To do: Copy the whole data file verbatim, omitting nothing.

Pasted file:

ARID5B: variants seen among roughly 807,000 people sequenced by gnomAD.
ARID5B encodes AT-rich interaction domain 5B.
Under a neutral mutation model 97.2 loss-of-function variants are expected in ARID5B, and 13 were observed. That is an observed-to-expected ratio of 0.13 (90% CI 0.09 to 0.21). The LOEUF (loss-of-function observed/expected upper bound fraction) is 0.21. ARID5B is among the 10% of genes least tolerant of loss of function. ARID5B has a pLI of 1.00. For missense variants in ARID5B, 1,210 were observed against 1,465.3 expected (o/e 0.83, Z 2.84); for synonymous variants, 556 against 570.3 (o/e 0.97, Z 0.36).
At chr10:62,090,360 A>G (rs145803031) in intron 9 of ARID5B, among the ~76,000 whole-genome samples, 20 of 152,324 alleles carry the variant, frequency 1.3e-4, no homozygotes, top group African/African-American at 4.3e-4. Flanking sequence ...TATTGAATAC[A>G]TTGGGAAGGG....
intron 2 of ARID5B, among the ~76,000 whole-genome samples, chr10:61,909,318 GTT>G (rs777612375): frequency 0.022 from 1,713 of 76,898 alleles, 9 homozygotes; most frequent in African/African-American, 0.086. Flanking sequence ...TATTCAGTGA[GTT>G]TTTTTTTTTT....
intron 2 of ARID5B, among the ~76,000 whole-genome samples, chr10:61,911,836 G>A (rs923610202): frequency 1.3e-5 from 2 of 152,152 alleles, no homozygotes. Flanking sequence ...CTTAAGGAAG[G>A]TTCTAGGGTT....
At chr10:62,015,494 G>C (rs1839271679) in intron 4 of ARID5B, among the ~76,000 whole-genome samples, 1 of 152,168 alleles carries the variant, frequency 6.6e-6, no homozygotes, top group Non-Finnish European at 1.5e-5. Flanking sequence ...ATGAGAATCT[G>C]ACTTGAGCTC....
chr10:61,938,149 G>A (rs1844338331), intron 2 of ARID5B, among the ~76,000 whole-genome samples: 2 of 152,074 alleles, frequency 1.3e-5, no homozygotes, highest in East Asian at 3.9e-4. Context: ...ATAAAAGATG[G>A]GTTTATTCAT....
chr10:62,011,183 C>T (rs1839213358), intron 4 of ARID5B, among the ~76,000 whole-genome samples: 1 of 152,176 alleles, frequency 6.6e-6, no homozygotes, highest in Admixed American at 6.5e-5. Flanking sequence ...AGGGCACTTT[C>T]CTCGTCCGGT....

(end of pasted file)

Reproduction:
ARID5B: variants seen among roughly 807,000 people sequenced by gnomAD.
ARID5B encodes AT-rich interaction domain 5B.
Under a neutral mutation model 97.2 loss-of-function variants are expected in ARID5B, and 13 were observed. That is an observed-to-expected ratio of 0.13 (90% CI 0.09 to 0.21). The LOEUF (loss-of-function observed/expected upper bound fraction) is 0.21. ARID5B is among the 10% of genes least tolerant of loss of function. ARID5B has a pLI of 1.00. For missense variants in ARID5B, 1,210 were observed against 1,465.3 expected (o/e 0.83, Z 2.84); for synonymous variants, 556 against 570.3 (o/e 0.97, Z 0.36).
At chr10:62,090,360 A>G (rs145803031) in intron 9 of ARID5B, among the ~76,000 whole-genome samples, 20 of 152,324 alleles carry the variant, frequency 1.3e-4, no homozygotes, top group African/African-American at 4.3e-4. Flanking sequence ...TATTGAATAC[A>G]TTGGGAAGGG....
intron 2 of ARID5B, among the ~76,000 whole-genome samples, chr10:61,909,318 GTT>G (rs777612375): frequency 0.022 from 1,713 of 76,898 alleles, 9 homozygotes; most frequent in African/African-American, 0.086. Flanking sequence ...TATTCAGTGA[GTT>G]TTTTTTTTTT....
intron 2 of ARID5B, among the ~76,000 whole-genome samples, chr10:61,911,836 G>A (rs923610202): frequency 1.3e-5 from 2 of 152,152 alleles, no homozygotes. Flanking sequence ...CTTAAGGAAG[G>A]TTCTAGGGTT....
At chr10:62,015,494 G>C (rs1839271679) in intron 4 of ARID5B, among the ~76,000 whole-genome samples, 1 of 152,168 alleles carries the variant, frequency 6.6e-6, no homozygotes, top group Non-Finnish European at 1.5e-5. Flanking sequence ...ATGAGAATCT[G>C]ACTTGAGCTC....
chr10:61,938,149 G>A (rs1844338331), intron 2 of ARID5B, among the ~76,000 whole-genome samples: 2 of 152,074 alleles, frequency 1.3e-5, no homozygotes, highest in East Asian at 3.9e-4. Context: ...ATAAAAGATG[G>A]GTTTATTCAT....
chr10:62,011,183 C>T (rs1839213358), intron 4 of ARID5B, among the ~76,000 whole-genome samples: 1 of 152,176 alleles, frequency 6.6e-6, no homozygotes, highest in Admixed American at 6.5e-5. Flanking sequence ...AGGGCACTTT[C>T]CTCGTCCGGT....